People are leaving their jobs in droves. But we can’t blame the pandemic — the roots of this problem are planted firmly in culture.
A recent McKinsey survey found that almost two-thirds of employees said that the pandemic has caused them to reflect on their purpose in life. And 70% of employees said their purpose is defined by their work.
No wonder people are taking this time of reflection to find a place to work that is packed with purpose!
We have heard a lot about the “Great Resignation” or the “Great Quit.” I think of it more like the “Great Reshuffle,” but regardless of what you call it, it’s real – and it has been very difficult for many businesses.
Like other historical challenges, I believe this one will come with a significant silver lining. Companies will make their culture a priority, and people will find a greater sense of meaning in their work.
We'll all be better off in the end.
What is Company Culture and why does it matter so much?
Think of your company culture as “the way you do things” there. It's the personality of your organization and the vibe you get when working there.
Every organization has a culture. The question is simply whether that culture is intentional and built by design, or whether it developed as a default in the void of any clear direction. Those that are intentional tend to be significantly better than those left to grow in the wild and the difference between the two is greater than most would imagine.
The stronger the culture, the higher employee engagement will be, and when they are engaged, they are significantly more productive. An engaged employee feels as though they have a stake in the game. They know what they are playing for and what success will look like, so they are willing to give it everything they've got.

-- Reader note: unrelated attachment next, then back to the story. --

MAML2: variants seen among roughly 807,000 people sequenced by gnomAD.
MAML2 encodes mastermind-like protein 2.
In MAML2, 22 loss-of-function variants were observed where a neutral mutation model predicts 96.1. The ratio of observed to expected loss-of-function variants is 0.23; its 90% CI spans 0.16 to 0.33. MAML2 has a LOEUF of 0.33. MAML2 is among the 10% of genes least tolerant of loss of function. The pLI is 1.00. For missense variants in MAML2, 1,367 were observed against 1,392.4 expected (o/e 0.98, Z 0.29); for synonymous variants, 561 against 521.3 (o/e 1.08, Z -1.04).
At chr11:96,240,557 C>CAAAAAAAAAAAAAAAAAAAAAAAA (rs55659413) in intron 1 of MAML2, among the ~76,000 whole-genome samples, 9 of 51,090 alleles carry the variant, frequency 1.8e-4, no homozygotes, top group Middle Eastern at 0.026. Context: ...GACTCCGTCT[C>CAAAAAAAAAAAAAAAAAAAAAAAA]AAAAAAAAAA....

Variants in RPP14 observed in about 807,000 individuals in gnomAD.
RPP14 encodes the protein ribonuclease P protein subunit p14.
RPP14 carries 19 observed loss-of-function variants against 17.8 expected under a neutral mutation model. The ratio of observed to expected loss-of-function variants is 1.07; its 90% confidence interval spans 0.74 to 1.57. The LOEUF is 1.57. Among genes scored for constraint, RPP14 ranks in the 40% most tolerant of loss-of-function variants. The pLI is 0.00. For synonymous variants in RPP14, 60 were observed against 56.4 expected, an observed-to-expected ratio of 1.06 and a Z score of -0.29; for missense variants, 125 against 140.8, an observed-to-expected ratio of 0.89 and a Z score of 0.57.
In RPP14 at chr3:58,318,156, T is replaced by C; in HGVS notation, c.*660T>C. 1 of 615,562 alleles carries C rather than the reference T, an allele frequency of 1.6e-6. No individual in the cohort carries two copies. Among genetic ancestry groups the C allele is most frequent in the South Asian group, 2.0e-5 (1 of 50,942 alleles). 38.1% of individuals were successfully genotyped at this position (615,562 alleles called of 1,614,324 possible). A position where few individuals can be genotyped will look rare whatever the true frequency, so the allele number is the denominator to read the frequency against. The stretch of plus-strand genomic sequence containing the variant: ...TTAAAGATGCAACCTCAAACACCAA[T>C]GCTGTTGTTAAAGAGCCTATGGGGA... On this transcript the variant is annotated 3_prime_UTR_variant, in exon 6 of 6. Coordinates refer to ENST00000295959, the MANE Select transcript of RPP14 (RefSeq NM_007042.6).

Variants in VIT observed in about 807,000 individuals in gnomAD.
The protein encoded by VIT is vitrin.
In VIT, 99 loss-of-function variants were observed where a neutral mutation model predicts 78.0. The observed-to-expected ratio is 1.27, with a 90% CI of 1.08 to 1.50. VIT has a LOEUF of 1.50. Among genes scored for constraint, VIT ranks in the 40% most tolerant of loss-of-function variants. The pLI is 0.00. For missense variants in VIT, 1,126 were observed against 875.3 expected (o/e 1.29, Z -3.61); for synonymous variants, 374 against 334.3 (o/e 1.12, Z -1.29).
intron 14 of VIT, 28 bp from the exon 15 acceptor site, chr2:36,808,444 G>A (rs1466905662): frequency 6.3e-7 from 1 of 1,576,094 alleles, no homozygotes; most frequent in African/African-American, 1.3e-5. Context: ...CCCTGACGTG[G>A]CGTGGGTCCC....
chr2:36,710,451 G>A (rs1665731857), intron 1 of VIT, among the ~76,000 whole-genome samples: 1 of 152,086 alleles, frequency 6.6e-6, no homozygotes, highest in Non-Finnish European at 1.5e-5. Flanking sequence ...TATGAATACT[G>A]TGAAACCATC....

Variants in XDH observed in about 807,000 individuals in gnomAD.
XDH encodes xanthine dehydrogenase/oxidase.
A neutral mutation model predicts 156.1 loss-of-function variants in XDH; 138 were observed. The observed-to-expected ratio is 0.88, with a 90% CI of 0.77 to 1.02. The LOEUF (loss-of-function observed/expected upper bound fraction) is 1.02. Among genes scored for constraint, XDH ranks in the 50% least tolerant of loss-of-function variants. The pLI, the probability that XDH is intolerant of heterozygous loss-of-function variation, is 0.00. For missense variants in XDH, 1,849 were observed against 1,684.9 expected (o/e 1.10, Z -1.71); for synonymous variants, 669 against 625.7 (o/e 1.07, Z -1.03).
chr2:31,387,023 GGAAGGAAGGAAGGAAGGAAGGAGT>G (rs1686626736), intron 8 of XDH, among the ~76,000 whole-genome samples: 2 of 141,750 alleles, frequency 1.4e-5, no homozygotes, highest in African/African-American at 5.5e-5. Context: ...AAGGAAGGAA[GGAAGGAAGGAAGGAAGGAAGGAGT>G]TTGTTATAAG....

Howard Schultz, founder, and former CEO of Starbucks, explained this by saying, “When you’re surrounded by people who share a passionate commitment around a common purpose, anything is possible.”
The most common side-effect of a bad culture is employee turnover. Talented people simply don't want to work in a toxic environment, and they are rarely willing to align themselves with a company that doesn’t share their values. Who wants to deal with office gossip or middle-school-like cliques that divide the workforce? Your top performers sure don’t, and they can afford to be choosy. They’re more likely to quit – even if they are well-paid.
Put A Plan In Place To "Up" Your Culture And Employee Engagement
Consider whether the following strategies can help:
- Clearly define a strong Reason for Being (or Purpose Statement) and Core Values to guide your business and connect your people.
- Communicate regularly to your employees about the importance of their work to the customer, the company, and the community to help them recognize they are part of something bigger than themselves.
- Use a top-tier talent assessment to provide your people with clear insight into their innate strengths so they can leverage them and grow.
- Install a plan for every employee to receive consistent and meaningful feedback on what they are doing well and better understand what they could be doing differently to achieve greater success.
- Seek the opinions of your employees and demonstrate a sincere desire to actively listen.
- Provide a level of transparency that deeply connects your employees to the business and makes them feel like a partner in the success.
- Search for your company on social media and job sites like Glassdoor to see what your job candidates will uncover and consider what you can change to improve your employer brand.
- Commit to holding employees accountable to living up to your Core Values. You can only be as good as the worst behavior you tolerate, and if you let things slide, you will lose the trust of your people.
Take advantage of this silver lining
This is a great time to focus on your company culture and let people know their engagement matters to you. Give people a strong sense of purpose in their work, and you will find yourselves dealing with “The Great Retention!”